Skip to Main Content


Classification of Disorders of Psychiatric Etiology


  • Dysmorphic syndrome
  • Delusions of parasitosis
  • Compulsive habits
    • Neurotic excoriations
    • Trichotillomania
  • Factitious syndromes
  • Cutaneous signs of injecting drug use


ICD-9 : 300.7 • ICD-10 : F 45.2   Image not available. Image not available.


  • Patients with dysmorphic syndrome regard their image as distorted in the eyes of the public; this becomes almost an obsession.
  • The patient with BDS does not consult a psychiatrist but a dermatologist or plastic surgeon. The typical patient with BDS is a single, female, young adult who is an anxious and unhappy person.
  • Common dermatologic complaints are facial (wrinkles, acne, scars, hypertrichosis, dry lips), scalp (incipient baldness, increased hair growth), genital [normal sebaceous glands on the penis, red scrotum (males), red vulva, vaginal odor (females)], hyperhidrosis, and bromhidrosis.
  • Management is a problem. One strategy is for the dermatologist to agree with the patient that there is a problem and thus establish rapport; in a few visits the complaint can be explored and further discussed.
  • If the patient and physician do not agree that the complaint is a vastly exaggerated skin or hair change, then the patient should be referred to a psychiatrist; this latter plan is usually not accepted, in which case the problem may persist indefinitely.


ICD-9 : 300.29 • ICD-10 : F 22.0   Image not available. Image not available.


  • This rare disorder, which occurs in adults and is present for months or years, is associated with pain or paresthesia and is characterized by the presence of numerous skin lesions, mostly excoriations, which the patient truly believes are the result of a parasitic infestation (Fig. 23-1).
  • The onset of the initial pruritus or paresthesia may be related to xerosis or, in fact, to a previously treated infestation.
  • Patients pick with their fingernails or dig into their skin with needles or tweezers to remove the “parasites” (Fig. 23-1).
  • It is important to rule out other causes of pruritus. This problem is serious; patients truly suffer and are opposed to seeking psychiatric help. Patients may sell their houses to move away from the offending parasite.
  • The patient should see a psychiatrist for at least one visit and for recommendations of drug therapy: pimozide plus an antidepressant. Treatment is difficult and usually unsuccessful.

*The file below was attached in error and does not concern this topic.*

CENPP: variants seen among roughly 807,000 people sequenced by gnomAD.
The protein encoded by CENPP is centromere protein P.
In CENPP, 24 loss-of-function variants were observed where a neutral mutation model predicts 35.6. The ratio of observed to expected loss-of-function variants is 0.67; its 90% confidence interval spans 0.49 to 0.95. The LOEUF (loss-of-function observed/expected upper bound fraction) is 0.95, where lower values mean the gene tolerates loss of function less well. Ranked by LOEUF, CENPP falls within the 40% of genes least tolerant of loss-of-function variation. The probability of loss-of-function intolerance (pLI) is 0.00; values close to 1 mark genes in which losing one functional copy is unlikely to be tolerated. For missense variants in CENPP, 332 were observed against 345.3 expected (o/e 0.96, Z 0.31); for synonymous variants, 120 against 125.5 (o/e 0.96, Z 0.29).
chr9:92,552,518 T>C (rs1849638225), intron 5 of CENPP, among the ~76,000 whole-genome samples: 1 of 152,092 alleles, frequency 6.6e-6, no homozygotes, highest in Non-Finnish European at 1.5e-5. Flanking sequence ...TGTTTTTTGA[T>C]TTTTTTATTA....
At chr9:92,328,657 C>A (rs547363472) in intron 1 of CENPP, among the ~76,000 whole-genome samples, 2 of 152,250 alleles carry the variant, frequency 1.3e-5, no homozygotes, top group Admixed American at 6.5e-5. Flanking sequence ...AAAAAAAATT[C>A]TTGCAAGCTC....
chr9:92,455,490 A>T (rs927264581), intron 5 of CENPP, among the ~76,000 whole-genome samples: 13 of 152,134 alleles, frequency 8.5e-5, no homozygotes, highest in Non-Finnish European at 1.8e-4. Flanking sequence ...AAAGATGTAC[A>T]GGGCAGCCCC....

Figure 23-1
Graphic Jump LocationGraphic Jump Location

Delusions of parasitosis A. Usually patients collect small pieces of debris from their skin by scratching with their nails or an instrument and submit them to the doctor for examination for parasites. In this case pointed tweezers were used and the result are ulcers, crusted lesions, and scars. B. Occasionally this can progress to an aggressive behavior such as depicted in this case where the patient posed to demonstrate how she collects the “parasites” from her skin on a piece of paper. In the majority of ...

Want remote access to your institution's subscription?

Sign in to your MyAccess profile while you are actively authenticated on this site via your institution (you will be able to verify this by looking at the top right corner of the screen - if you see your institution's name, you are authenticated). Once logged in to your MyAccess profile, you will be able to access your institution's subscription for 90 days from any location. You must be logged in while authenticated at least once every 90 days to maintain this remote access.


About MyAccess

If your institution subscribes to this resource, and you don't have a MyAccess profile, please contact your library's reference desk for information on how to gain access to this resource from off-campus.

Subscription Options

AccessEmergency Medicine Full Site: One-Year Subscription

Connect to the full suite of AccessEmergency Medicine content and resources including advanced 8th edition chapters of Tintinalli’s, high-quality procedural videos and images, interactive board review, an integrated drug database, and more.

$595 USD
Buy Now

Pay Per View: Timed Access to all of AccessEmergency Medicine

24 Hour Subscription $34.95

Buy Now

48 Hour Subscription $54.95

Buy Now

Pop-up div Successfully Displayed

This div only appears when the trigger link is hovered over. Otherwise it is hidden from view.